thence to one or two other houses on the is thus introduced :—“As the author was
Green, after which the rest of the day was discharging his pistols in a garden, two ladies,
devoted to his favourite exercises. The passing near the spot, were alarmed by the
evenings he usually passed with the same sound of a bullet hissing near them, to one of
family, among whom he began his morning, whom the following stanzas were addressed
either in conversation, or in hearing Miss the next morning."
Pigot play upon the piano-forte, and singing Such a passion, indeed, had he for arms
over with her a certain set of songs which of every description, that there generally lay
he admired', - among which the “Maid a small sword by the side of his bed, with
of Lodi,” (with the words, “My heart with which he used to amuse himself, as he lay
love is beating,") and “When Time who awake in the morning, by thrusting it through
steals our years away,” were, it seems, his his bed-hangings. The person who pur-
particular favourites. He appears, indeed, chased this bed at the sale of Mrs. Byron's
to have, even thus early, shown a decided furniture, on her removal to Newstead, gave
taste for that sort of regular routine of life, out— with the view of attaching a stronger
-- bringing round the same occupations at interest to the holes in the curtains — that
the stated periods, — which formed so much they were pierced by the same sword with
the system of his existence during the greater which the old lord had killed Mr. Chaworth,
part of his residence abroad.

and which his descendant always kept as a Those exercises, to which he flew for dis- memorial by his bedside. Such is the ready traction in less happy days, formed his en- process by which fiction is often engrafted joyment now;

and between swimming, upon fact ;- the sword in question being a sparring, firing at a mark, and riding, the most innocent and bloodless weapon, which greater part of his time was passed. In the Lord Byron, during his visits at Southwell, last of these accomplishments he was by used to borrow of one of his neighbours. no means very expert. As an instance of His fondness for dogs - another fancy his little knowledge of horses, it is told, that, which accompanied him through life — may seeing a pair one day pass his window, he be judged from the anecdotes already given, exclaimed, “What beautiful horses ! I should in the account of his expedition to Harrowlike to buy them.” — “Why, they are your gate. Of his favourite dog Boatswain, whom own, my Lord,” said his servant. Those he has immortalised in verset, and by whose who knew him, indeed, at that period, were side it was once his solemn purpose to be rather surprised, in after-life, to hear so much buried, some traits are told, indicative, not of his riding ; – and the truth is, I am in- only of intelligence, but of a generosity of clined to think, that he was at no time a spirit, which might well win for him the afvery adroit horseman.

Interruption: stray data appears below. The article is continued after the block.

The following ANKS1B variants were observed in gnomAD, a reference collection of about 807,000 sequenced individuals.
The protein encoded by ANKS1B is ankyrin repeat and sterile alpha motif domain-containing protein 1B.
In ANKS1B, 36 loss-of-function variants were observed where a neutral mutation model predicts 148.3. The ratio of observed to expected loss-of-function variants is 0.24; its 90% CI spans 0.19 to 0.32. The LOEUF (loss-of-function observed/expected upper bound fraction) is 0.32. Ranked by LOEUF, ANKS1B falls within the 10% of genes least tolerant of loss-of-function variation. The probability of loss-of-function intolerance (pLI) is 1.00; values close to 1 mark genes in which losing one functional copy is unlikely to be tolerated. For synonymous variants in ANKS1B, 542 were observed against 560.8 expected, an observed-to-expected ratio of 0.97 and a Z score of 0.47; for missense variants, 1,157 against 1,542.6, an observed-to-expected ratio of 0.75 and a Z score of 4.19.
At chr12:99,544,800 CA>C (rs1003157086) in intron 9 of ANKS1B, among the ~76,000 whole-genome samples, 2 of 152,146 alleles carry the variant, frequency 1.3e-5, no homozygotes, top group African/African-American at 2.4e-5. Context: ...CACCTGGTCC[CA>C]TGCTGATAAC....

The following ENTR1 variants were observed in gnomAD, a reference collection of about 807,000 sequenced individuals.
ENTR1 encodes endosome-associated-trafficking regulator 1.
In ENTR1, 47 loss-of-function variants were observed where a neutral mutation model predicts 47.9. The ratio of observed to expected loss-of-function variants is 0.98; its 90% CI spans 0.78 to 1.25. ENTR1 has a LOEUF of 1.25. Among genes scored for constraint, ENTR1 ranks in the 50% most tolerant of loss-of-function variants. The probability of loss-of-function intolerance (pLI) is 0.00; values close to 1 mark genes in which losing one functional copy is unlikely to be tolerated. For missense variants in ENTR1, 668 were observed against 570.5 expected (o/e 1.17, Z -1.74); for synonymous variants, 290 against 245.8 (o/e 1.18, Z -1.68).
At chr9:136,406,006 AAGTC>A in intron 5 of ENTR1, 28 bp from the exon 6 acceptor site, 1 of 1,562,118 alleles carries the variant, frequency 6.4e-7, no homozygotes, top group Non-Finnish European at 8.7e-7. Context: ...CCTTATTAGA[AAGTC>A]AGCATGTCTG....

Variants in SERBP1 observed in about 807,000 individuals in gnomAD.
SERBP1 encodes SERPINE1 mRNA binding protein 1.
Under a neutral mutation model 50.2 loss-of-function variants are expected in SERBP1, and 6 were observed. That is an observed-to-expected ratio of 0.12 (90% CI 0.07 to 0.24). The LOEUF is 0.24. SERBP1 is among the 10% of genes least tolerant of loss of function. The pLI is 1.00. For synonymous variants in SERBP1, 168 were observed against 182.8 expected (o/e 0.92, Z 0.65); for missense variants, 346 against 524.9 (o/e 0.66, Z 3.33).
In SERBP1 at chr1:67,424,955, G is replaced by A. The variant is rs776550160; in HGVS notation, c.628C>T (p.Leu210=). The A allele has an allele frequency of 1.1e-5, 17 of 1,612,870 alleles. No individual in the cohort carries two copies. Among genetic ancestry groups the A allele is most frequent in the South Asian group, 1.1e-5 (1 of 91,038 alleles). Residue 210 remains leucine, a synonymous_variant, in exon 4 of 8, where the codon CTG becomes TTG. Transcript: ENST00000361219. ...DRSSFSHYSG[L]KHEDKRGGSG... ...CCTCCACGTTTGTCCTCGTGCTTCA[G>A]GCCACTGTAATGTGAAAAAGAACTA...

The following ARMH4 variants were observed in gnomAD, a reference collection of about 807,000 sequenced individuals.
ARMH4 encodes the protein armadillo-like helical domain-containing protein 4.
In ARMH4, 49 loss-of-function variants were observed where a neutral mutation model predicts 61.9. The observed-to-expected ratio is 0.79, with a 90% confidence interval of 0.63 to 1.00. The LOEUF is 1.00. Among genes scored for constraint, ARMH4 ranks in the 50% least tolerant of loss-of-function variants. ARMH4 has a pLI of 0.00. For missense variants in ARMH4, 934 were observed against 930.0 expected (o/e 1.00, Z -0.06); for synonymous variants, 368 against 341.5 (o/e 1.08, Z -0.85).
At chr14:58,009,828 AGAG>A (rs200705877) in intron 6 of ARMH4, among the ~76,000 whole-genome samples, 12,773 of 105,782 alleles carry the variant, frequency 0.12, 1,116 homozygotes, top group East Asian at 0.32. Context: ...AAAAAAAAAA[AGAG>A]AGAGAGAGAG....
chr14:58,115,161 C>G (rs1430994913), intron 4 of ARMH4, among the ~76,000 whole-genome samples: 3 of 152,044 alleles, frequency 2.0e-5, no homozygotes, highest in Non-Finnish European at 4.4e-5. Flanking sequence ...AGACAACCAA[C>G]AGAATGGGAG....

fections of such a master as Byron. One of In swimming and diving we have already these I shall endeavour to relate as nearly seen, by his own accounts, he excelled ; and as possible as it was told to me. Mrs. Byron a lady in South well, among other precious had a fox-terrier, called Gilpin, with whom relics of him, possesses a thimble which he her son's dog, Boatswain, was perpetually at borrowed of her one morning, when on his war 5, taking every opportunity of attacking way to bathe in the Greet, and which, as and worrying him so violently, that it was was testified by her brother, who accom- very much apprehended he would kill the panied him, he brought up three times suc- animal. Mrs. Byron therefore sent off her cessively from the bottom of the river. His terrier to a tenant at Newstead ; and on practice of firing at a mark was the occasion, the departure of Lord Byron for Cambridge, once, of some alarm to a very beautiful his friend” Boatswain, with two other young person, Miss Houson, one of that dogs, was intrusted to the care of a servant numerous list of fair ones by whom his till his return. One morning the servant imagination was dazzled while at Southwell. was much alarmed by the disappearance of

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Though always fond of music, he had very little skill gone past the window with his bat on his shoulder to in the performance of it. " It is very odd," he said, one cricket, which he is as fond of as ever." day, to this lady,—“ I sing much better to your playing 3 [See Works, p. 388.] than to any one else's."_" That is," she answered, “ be- 4 [ib. p. 539.) cause I play to your singing." - In which few words, by 5 In one of Miss Pigot's letters, the following notice of the way, the whole secret of a skilful accompanier lies. these canine feuds occurs :-“Boatswain has had an

2 Cricketing, too, was one of his most favourite sports; other battle with Tippoo at the House of Correction, and and it was wonderful, considering his lameness, with came off conqueror. Lord B. brought Bo'sen to our what speed he could run. “ Lord Byron (says Miss window this morning, when Gilpin, who is almost always Pigot, in a letter, to her brother, from Southwell) is just here, got into an amazing fury with him.”